08/03/2012 08:06 am ET Updated Aug 03, 2012

Amy Acuff, Olympic Jumper, Talks Post-Baby Training

Welcome to our "Like An Olympian" series. During the 2012 London Olympics, HuffPost Healthy Living will take a look at lifestyle and fitness lessons from competitors, coaches and former Olympians alike. We recently had the opportunity to speak with Olympic jumper Amy Acuff, who will join the U.S. Track Team in London.

How does your diet change when you are training? What are the major considerations you have in terms of balancing protein, fat and carb intake?

I need a lot of protein to repair my muscles after jumping. I usually have a blueberry smoothie after practice followed by chicken or beef. I make sure to get plenty of good fats from avocados, nuts and fish oil.

What's your favorite pre-training snack?

I usually have eggs and oatmeal and fruit for breakfast and then I head out to train.

What are your top tips for sleeping well during training and during competition?

I try to avoid intense mental activities or bright lights a few hours prior to going to sleep. I find that even the light from the computer screen can be disruptive right before bed.

How do you calm your nerves?

I'm very good at this! Just centering my energy when I use deep breathing techniques.

What tricks from your training do you think could apply to a non-athlete?

I think a non-athlete could benefit from learning to control adrenaline and stress by using deep breathing and visualization.

If you could only do one workout for the rest of your life, what would it be?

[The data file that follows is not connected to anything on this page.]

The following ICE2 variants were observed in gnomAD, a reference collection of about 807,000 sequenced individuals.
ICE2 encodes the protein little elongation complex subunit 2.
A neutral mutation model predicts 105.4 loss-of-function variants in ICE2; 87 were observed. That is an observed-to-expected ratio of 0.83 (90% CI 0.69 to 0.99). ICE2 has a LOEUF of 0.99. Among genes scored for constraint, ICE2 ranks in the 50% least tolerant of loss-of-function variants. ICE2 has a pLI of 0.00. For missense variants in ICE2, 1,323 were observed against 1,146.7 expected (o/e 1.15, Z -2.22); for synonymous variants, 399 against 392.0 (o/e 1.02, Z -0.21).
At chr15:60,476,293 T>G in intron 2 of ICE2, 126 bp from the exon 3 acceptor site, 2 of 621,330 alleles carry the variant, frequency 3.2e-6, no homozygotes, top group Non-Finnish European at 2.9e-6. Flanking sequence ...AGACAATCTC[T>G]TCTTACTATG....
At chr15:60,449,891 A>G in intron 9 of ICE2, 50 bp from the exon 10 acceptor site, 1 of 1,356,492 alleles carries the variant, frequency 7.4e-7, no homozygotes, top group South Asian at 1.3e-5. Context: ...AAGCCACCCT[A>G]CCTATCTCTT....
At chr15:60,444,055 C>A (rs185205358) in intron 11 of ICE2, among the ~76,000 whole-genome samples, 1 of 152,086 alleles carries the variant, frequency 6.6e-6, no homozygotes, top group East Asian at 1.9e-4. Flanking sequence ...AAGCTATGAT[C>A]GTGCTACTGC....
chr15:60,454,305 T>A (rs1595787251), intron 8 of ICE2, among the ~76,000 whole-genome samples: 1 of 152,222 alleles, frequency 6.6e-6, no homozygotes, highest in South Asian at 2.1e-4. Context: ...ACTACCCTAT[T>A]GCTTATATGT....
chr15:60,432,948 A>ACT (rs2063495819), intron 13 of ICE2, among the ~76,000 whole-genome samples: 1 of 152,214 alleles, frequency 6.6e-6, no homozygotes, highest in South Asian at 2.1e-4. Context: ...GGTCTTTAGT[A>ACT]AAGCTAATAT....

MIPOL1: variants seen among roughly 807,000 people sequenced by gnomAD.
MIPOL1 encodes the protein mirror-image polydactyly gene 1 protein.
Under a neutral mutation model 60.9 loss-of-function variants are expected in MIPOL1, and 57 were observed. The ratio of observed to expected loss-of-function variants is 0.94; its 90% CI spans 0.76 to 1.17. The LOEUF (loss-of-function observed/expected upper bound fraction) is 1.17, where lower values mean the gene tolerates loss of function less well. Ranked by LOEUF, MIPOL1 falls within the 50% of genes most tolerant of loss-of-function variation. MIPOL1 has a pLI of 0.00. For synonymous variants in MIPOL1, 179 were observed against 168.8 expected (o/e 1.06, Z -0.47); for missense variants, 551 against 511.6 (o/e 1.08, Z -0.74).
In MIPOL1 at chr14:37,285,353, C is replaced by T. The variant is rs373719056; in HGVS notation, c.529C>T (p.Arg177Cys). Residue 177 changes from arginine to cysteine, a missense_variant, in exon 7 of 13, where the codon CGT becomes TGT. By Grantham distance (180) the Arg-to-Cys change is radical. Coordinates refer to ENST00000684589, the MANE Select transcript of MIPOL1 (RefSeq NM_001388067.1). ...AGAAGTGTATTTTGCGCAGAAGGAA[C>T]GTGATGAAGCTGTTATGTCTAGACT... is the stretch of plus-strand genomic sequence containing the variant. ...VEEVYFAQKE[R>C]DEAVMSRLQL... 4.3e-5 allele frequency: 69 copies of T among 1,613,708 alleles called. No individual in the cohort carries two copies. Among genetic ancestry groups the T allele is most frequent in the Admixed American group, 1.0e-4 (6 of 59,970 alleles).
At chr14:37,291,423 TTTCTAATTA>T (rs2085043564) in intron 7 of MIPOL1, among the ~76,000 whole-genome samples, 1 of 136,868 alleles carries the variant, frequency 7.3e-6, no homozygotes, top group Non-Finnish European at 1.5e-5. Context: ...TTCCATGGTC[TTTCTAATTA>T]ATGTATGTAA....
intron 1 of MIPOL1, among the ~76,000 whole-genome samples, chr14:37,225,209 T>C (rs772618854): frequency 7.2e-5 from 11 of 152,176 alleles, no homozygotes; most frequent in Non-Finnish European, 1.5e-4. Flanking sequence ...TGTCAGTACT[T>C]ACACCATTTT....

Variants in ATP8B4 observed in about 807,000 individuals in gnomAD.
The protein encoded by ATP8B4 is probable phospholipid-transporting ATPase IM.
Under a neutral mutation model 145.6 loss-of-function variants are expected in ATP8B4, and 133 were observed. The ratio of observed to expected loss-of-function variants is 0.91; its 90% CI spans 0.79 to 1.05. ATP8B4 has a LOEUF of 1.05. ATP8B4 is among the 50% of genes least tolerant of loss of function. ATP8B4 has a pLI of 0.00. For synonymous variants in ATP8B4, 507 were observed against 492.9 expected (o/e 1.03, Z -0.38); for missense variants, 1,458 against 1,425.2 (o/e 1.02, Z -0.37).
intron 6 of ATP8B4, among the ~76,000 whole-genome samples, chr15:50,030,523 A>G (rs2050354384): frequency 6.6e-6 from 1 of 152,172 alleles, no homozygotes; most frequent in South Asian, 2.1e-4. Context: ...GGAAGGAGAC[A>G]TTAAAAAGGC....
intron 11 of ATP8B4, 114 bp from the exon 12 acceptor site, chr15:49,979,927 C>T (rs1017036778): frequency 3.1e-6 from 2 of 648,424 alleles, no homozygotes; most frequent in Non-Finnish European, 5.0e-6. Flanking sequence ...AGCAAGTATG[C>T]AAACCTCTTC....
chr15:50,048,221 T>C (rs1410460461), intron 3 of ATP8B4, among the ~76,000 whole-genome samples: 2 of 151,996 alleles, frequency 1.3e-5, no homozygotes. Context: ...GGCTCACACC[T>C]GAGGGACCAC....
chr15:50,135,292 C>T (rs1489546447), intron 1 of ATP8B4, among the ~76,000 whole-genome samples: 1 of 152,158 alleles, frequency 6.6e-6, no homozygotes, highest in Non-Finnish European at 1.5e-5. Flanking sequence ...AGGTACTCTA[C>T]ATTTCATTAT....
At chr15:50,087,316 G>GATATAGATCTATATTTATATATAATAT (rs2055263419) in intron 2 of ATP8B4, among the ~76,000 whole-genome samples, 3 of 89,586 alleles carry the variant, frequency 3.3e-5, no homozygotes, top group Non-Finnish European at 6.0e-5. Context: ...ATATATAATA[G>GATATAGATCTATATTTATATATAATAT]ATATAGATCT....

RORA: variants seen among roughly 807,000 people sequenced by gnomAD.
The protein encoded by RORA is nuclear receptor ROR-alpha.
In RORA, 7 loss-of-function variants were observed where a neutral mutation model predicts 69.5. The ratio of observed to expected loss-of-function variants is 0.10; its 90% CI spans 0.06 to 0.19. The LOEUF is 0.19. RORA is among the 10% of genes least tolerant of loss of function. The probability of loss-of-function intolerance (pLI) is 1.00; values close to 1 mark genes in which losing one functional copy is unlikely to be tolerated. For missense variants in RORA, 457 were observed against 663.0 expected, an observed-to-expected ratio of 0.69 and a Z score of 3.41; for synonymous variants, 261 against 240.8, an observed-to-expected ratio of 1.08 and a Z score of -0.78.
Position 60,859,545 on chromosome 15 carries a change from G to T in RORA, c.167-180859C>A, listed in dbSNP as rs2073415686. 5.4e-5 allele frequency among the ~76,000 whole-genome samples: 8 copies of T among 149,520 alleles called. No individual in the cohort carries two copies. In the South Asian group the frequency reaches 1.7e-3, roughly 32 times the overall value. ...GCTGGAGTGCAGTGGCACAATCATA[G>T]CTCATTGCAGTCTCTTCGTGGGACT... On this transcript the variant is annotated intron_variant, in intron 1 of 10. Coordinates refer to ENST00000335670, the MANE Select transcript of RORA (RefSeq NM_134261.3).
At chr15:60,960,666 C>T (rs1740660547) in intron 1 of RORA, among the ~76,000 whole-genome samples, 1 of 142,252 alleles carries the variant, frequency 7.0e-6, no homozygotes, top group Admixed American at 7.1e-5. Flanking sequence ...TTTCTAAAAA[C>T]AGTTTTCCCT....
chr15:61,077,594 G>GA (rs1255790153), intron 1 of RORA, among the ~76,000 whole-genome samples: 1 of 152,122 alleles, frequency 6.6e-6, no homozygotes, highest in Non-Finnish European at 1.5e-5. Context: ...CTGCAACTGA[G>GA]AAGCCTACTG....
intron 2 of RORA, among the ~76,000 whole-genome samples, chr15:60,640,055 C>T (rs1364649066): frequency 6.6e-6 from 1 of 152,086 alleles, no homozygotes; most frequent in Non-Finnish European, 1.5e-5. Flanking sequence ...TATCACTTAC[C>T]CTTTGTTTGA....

Sprinting, because it gets the job done quickly.

What made you decide to come out of retirement? Do you have different nutritional or training needs now than you did earlier in career? If so, what are they?

I didn't do anything for about a year after I had my daughter. Waking up every two hours at night to feed her didn't leave me feeling the urge to work out of my day. I started working out for general fitness and discovered that I had lost as much as I thought I had. As I gradually ramped things up I became curious about competing again and it just evolved from there.

I've been blessed with a very rapid metabolism. I've always had to snack between meals and will become ravenously hungry every three hours. Major irritability will ensue if I do not eat something. It also took me a long time to realize just how much protein I had to consume to keep my muscles healthy, as there is so much tissue breakdown with the jumping.

What advice do you have for non-Olympic moms who are looking to get back into shape -- what are some of the post-partum training tricks and tips you've picked up?

Short sprints of about 40 yards running up hills with a baby jogger was awesome. The baby liked it and you can completely blow yourself out in like ten minutes. Also, it's not as hard on your knees when you're heavier. Stretching first is a must.

As one of the athletes with the longest career at the Olympics, what do you know now that you didn't realize early on in your career?

There are a lot of distractions around the Olympic competition that you just don't get at World Championships. It is important to keep your routine and make your life as normal as possible in the days and weeks prior.